We did that.

3) Share openly. Begin with yourself.

After our one minute of silence, I encouraged everyone to share, beginning with myself.

“Today, I was upset at Papa over something I felt he should have done, but didn’t do. It doesn’t matter whether I was right, or if he was right. The point is, that in my anger I said harsh and rude things to him. That was wrong of me.”

One of the children said, “I need to stop glaring and showing a bad face at the others when I’m angry.”

It was good to confess our wrongs before each other. Children need to hear us parents admit where we’ve gone wrong, not just once but as often as is necessary, so that they too can learn how to deal with strong emotions and become willing to acknowledge their own faults.

4) Discuss a plan of action, so you can move practically beyond prayer.

Then we talked about the plans we had, to try avoiding making the same mistake again.

I said, “When I’m angry at Papa, I think I should keep my mouth shut for an hour to give myself time to cool down.”

Puppy interjected. “You need AN HOUR to cool down??”

(Urrghhhhhh.)

“Yes, sometimes it takes that long! Or longer, I’m afraid. But we should not brood in anger for too long. We need to deal with it before it gets worse.”

“I’ll speak to Papa after I’ve cooled down a bit. Because if I speak when I’m angry, I’m sure to say hurtful things. If you hear me starting to speak when I’m angry, you can remind me of my plan to keep quiet and cool down first.”

I think encouraging accountability is important.

The child who had the issue of glaring said, “Next time I feel like glaring, I’ll look away. So the person won’t be hurt by my looks.”

We agreed we would remind each other of our plans in our necessary moments.

5) Use maps and flags.

We were going to pray for Malaysia, beginning with the state of Selangor.

I had printed out and laminated (for durability) a map of Malaysia that I found online. I chose a map that wasn’t too cluttered with details, which showed the names of the various states and their capitals.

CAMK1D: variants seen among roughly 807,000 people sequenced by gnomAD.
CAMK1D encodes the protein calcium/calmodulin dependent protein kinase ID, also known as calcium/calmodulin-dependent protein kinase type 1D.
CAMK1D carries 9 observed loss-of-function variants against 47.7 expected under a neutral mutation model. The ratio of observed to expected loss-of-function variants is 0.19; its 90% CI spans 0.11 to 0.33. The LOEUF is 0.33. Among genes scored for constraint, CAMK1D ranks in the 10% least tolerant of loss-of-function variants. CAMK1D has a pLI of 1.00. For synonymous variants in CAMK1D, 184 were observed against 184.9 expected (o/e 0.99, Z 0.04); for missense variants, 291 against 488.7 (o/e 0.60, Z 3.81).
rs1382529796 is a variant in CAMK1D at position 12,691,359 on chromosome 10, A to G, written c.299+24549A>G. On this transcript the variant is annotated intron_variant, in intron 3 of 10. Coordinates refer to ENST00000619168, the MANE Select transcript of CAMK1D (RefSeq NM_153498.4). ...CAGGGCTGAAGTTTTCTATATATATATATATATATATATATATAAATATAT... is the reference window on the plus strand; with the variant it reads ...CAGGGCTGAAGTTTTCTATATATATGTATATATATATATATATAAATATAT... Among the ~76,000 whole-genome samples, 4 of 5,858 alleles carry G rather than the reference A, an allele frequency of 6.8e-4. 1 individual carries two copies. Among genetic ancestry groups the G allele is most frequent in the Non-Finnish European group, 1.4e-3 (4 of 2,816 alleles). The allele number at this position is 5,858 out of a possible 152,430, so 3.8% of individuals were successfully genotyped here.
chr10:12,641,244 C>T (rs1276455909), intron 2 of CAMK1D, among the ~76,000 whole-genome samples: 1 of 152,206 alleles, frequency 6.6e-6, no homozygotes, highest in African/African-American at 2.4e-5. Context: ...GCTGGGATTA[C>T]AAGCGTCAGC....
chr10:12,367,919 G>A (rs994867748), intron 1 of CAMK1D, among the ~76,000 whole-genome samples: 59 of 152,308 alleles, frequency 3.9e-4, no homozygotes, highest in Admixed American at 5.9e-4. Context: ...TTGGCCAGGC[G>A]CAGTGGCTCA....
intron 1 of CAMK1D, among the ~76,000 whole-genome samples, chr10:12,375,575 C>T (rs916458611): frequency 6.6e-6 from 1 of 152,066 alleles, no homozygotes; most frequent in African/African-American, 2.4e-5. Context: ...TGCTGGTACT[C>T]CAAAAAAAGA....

map of malaysia

I had also printed out and laminated the flags of the various states. I used ring holders to hold them in place, so we could flip them easily.

flag of selangor

I asked the children to look for the state of Selangor on the map of Malaysia. We also looked at the neighbouring states and I asked them to check in which state their grandmother and other relatives lived in, and where their favourite holiday spots (Cameron Highlands, Port Dickson) were.

6) Use the Internet.

We were also going to pray for the Menteri Besar of Selangor. I got out my phone and we looked online for his name and his photo.

There is nothing like putting a name and face to someone’s title.

Puppy wrote his name down, and we prayed for him, by name.

7) Encourage questions. Be prepared to elaborate on facts so everyone can pray more intelligently.

One of the prayer items was that the Orang Asli children would have equal opportunity to receive education. Puppy asked what that meant, “because I need to know what’s happening otherwise I wouldn’t know what to ask God for.”

I’m glad that girl was thinking.

I explained about the various reasons why Orang Asli children find it difficult to get education. Later I searched for some news reports and research articles online and bookmarked them, so Puppy could read them next day.

8) Take prayer items in turns.

I prayed over one issue, and another child prayed for another issue. This encouraged everyone to pray aloud and the others to listen and express agreement.

9) Play a game.

I asked the children to spend one minute looking at the flag of Selangor, after which I would take it away and they would have to draw and colour it from memory.

It was a nice hands-on activity.

flag Collage

Someone got it right, someone got mixed up, but everyone enjoyed the challenge!

 

How do you pray with your child(ren)? If you have any ideas to share on how to develop a meaningful prayer time, I’d love to read all about it in the comments!